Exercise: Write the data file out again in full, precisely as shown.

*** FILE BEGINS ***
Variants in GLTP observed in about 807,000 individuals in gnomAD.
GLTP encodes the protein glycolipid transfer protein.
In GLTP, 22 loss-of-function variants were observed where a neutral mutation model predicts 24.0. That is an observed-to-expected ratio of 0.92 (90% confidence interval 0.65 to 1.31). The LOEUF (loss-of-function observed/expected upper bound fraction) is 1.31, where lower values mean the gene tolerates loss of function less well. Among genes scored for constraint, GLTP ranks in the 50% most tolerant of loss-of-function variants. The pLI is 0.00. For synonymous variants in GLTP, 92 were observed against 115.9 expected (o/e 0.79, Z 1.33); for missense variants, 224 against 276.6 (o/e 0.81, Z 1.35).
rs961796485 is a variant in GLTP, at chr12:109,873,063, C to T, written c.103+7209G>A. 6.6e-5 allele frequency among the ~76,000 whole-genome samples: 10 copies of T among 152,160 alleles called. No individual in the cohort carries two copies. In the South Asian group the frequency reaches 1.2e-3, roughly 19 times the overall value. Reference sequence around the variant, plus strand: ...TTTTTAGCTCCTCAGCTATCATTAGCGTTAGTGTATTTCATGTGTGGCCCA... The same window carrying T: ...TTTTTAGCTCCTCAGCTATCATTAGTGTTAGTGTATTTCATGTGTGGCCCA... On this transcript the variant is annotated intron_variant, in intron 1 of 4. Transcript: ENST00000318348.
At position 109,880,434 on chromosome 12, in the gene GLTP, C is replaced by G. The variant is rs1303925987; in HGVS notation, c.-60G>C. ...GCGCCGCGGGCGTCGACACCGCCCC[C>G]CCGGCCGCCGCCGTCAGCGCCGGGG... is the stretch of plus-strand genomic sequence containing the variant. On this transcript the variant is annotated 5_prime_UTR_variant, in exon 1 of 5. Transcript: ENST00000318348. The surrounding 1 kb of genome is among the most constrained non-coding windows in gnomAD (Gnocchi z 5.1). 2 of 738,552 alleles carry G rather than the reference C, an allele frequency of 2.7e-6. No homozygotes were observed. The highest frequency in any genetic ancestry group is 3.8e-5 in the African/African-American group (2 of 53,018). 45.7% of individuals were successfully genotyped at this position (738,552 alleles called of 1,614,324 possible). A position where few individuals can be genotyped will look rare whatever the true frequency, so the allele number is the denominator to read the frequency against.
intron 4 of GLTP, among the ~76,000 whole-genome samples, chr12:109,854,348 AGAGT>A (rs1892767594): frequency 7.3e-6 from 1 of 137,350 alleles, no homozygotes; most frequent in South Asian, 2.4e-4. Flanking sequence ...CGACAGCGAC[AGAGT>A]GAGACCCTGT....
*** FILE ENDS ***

Variants in GLTP observed in about 807,000 individuals in gnomAD.
GLTP encodes the protein glycolipid transfer protein.
In GLTP, 22 loss-of-function variants were observed where a neutral mutation model predicts 24.0. That is an observed-to-expected ratio of 0.92 (90% confidence interval 0.65 to 1.31). The LOEUF (loss-of-function observed/expected upper bound fraction) is 1.31, where lower values mean the gene tolerates loss of function less well. Among genes scored for constraint, GLTP ranks in the 50% most tolerant of loss-of-function variants. The pLI is 0.00. For synonymous variants in GLTP, 92 were observed against 115.9 expected (o/e 0.79, Z 1.33); for missense variants, 224 against 276.6 (o/e 0.81, Z 1.35).
rs961796485 is a variant in GLTP, at chr12:109,873,063, C to T, written c.103+7209G>A. 6.6e-5 allele frequency among the ~76,000 whole-genome samples: 10 copies of T among 152,160 alleles called. No individual in the cohort carries two copies. In the South Asian group the frequency reaches 1.2e-3, roughly 19 times the overall value. Reference sequence around the variant, plus strand: ...TTTTTAGCTCCTCAGCTATCATTAGCGTTAGTGTATTTCATGTGTGGCCCA... The same window carrying T: ...TTTTTAGCTCCTCAGCTATCATTAGTGTTAGTGTATTTCATGTGTGGCCCA... On this transcript the variant is annotated intron_variant, in intron 1 of 4. Transcript: ENST00000318348.
At position 109,880,434 on chromosome 12, in the gene GLTP, C is replaced by G. The variant is rs1303925987; in HGVS notation, c.-60G>C. ...GCGCCGCGGGCGTCGACACCGCCCC[C>G]CCGGCCGCCGCCGTCAGCGCCGGGG... is the stretch of plus-strand genomic sequence containing the variant. On this transcript the variant is annotated 5_prime_UTR_variant, in exon 1 of 5. Transcript: ENST00000318348. The surrounding 1 kb of genome is among the most constrained non-coding windows in gnomAD (Gnocchi z 5.1). 2 of 738,552 alleles carry G rather than the reference C, an allele frequency of 2.7e-6. No homozygotes were observed. The highest frequency in any genetic ancestry group is 3.8e-5 in the African/African-American group (2 of 53,018). 45.7% of individuals were successfully genotyped at this position (738,552 alleles called of 1,614,324 possible). A position where few individuals can be genotyped will look rare whatever the true frequency, so the allele number is the denominator to read the frequency against.
intron 4 of GLTP, among the ~76,000 whole-genome samples, chr12:109,854,348 AGAGT>A (rs1892767594): frequency 7.3e-6 from 1 of 137,350 alleles, no homozygotes; most frequent in South Asian, 2.4e-4. Flanking sequence ...CGACAGCGAC[AGAGT>A]GAGACCCTGT....